Showing posts with label Star Frontiers. Show all posts
Showing posts with label Star Frontiers. Show all posts

Thursday, January 4, 2024

Star Frontiers - Example Characters and House Rules

For my upcoming Star Frontiers Campaign, I was going to produce my own custom, 2-sided character sheets with a tent. This would help some of my first-time players quickly produce a character. And to save time, I changed my mind and decided to use the one on Polyhedral Nonsense

I find this massively amusing. I was ready to invest a ridiculous amount of time making my own sheet and found an amazing sheet on website labeled "nonsense". Each area is neatly designed with large areas suitable for either computer text or handwriting. It corrects the one-side flaw of the original and ups the game with a useful tent. 

This is the opposite of nonsense, it's fabulous! I use a 1-5 star system for ratings, so this sheet gets 5 stars. 

Sorry, I didn't mean to do a review. But since Polyhedral Nonsense saved me so much time and effort, I had to do it. 

Back to your article, already in progress. 

The characters... 

I assume the characters have lived through the Crash on Volturnus modules. The group lives on the planet Typhon, a water world whose colony supports the post-war effort of decommissioning and preserving warships on the planet Dust. This endeavor requires nearly every skill in known space, of which the characters have a bit. The players will find it easy to fit in and have opportunities to improve their career skills, whatever they might be. They are learning to operate and maintain spaceships.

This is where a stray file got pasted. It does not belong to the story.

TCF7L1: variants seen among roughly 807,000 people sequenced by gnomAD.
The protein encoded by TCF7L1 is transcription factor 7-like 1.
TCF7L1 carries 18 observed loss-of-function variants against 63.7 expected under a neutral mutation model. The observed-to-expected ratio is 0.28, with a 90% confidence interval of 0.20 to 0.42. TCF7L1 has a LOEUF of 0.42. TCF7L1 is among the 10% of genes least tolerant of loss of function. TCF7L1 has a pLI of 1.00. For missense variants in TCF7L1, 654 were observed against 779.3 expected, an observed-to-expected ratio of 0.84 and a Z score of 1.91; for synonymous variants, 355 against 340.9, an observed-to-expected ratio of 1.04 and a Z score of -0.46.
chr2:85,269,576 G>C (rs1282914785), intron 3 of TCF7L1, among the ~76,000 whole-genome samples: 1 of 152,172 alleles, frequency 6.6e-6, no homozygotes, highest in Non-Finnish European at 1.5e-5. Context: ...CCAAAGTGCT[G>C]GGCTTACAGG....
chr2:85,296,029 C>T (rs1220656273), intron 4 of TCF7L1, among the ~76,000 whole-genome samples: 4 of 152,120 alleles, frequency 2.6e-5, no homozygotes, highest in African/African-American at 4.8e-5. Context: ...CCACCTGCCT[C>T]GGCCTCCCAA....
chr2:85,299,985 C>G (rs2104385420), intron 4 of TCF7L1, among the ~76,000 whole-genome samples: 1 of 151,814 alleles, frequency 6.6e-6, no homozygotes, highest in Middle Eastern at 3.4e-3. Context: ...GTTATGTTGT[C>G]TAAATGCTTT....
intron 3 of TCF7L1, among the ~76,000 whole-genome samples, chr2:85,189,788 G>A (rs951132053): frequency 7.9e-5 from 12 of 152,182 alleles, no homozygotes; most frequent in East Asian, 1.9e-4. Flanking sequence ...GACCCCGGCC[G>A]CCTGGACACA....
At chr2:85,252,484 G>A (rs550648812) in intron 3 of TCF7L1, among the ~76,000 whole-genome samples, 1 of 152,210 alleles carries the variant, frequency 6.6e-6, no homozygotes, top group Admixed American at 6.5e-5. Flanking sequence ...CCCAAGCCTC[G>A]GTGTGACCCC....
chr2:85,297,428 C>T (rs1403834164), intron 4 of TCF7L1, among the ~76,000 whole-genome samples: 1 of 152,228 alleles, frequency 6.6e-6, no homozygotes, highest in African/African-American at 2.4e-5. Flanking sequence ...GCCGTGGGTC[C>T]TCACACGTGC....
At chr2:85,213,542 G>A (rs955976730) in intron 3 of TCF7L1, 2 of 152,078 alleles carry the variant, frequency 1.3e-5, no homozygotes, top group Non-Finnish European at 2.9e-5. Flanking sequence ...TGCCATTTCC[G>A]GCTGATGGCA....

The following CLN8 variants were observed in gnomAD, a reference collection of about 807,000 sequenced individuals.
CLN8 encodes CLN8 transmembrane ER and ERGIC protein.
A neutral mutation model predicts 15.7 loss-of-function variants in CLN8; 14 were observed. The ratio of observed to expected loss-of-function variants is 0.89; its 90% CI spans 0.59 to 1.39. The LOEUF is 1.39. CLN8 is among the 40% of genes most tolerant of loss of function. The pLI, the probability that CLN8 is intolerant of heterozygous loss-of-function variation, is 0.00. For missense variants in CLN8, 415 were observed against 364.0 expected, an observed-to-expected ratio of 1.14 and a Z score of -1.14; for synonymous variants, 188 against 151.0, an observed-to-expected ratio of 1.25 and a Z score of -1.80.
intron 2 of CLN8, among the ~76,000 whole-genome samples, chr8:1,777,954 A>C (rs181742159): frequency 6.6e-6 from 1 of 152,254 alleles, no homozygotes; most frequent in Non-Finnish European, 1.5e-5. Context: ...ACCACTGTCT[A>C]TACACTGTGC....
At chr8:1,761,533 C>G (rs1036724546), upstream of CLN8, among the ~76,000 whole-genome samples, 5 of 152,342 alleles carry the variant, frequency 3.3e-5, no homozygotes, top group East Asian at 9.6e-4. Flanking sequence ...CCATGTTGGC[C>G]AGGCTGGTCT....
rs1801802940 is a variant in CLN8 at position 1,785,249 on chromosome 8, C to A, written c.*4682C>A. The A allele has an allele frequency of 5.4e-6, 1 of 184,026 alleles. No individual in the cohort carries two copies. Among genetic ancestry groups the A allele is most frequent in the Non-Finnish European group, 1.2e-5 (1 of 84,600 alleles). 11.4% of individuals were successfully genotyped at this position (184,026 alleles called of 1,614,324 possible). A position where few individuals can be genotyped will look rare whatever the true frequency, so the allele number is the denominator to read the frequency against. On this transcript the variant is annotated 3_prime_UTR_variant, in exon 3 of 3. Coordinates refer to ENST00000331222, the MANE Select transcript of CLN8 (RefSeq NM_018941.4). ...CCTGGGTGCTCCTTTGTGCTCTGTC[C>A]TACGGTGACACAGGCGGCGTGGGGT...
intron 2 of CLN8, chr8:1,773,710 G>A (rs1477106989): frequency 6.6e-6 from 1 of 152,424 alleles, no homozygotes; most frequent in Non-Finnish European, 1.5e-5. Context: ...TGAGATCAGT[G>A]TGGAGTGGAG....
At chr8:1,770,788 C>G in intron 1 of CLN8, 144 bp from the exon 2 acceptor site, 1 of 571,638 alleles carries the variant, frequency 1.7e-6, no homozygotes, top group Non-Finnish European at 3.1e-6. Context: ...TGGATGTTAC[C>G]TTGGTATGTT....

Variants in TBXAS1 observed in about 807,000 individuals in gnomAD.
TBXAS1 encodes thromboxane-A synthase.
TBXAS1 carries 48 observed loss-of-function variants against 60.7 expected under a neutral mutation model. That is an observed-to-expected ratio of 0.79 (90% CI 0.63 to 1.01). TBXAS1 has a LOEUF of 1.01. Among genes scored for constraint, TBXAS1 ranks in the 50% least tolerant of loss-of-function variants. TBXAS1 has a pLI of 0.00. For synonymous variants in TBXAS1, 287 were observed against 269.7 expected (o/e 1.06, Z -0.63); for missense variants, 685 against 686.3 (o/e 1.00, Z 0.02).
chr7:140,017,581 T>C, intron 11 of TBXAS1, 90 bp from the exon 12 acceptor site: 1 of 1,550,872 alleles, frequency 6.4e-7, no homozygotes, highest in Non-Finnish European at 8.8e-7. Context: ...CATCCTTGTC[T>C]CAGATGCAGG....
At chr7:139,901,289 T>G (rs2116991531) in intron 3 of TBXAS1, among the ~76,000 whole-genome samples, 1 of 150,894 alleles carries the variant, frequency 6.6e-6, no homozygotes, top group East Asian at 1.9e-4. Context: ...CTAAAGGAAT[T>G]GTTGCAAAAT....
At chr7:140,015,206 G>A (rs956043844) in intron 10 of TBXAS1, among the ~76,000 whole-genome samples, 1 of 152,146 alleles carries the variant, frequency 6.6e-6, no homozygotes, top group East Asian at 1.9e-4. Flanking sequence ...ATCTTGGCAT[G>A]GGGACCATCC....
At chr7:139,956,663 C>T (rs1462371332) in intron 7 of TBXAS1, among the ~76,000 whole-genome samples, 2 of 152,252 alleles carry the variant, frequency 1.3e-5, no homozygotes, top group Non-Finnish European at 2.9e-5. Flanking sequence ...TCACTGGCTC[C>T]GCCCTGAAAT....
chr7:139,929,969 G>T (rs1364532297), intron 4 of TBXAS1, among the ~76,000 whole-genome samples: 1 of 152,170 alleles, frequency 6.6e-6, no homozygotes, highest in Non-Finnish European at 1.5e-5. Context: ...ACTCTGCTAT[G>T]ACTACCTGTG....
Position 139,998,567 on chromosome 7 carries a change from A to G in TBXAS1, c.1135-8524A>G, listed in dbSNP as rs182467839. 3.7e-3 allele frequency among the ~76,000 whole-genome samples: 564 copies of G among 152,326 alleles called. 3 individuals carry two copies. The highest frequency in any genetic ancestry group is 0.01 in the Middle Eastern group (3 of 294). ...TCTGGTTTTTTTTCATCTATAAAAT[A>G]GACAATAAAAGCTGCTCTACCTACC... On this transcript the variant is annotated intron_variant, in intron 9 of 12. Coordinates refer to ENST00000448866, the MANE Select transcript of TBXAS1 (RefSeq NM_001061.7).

I have a couple house rules that will be in effect. Spaceship skills are available from the get-go, but this is slightly modified as we are creating higher-level characters. The players will be granted 30 experience points to select any skill from the Alpha Dawn rules and 10 experience points to select spaceship skills from Knight Hawks. 

That isn't too unusual. That places the characters with a non-combat PSA plus a couple of Military skills, and one spaceship skill. 

What is unusual is the characters all have professions, meaning they draw a salary. At generation, the players can buy a monthly salary of 1000 credits for one experience point, 2000 for 3 experience points, and so on. In addition to this, they get their normal roll for credits plus one month's salary cash. Star Frontiers has a lot of cool gear but hobbles the players and the characters with a lack of credits. I hate that. Each character also has a place to stay, which means they have far more than the typical adventurer. 

The players also start with a standard equipment pack plus a laser pistol, coveralls, and a backpack, mementos of their time on Vulturnus. Each one has a professional tool kit. Anyone who has a Military skill will have one appropriate personal weapon assigned to them. If they want more, they need to spend their savings.  

The players will discover that Typhon and Dust isn't really a place for weapons, but the moment they get moving on their adventure, they will need them. I need to build a bestiary and make maps for both planets. Life is not especially dangerous, more of a point of interest for the curious player.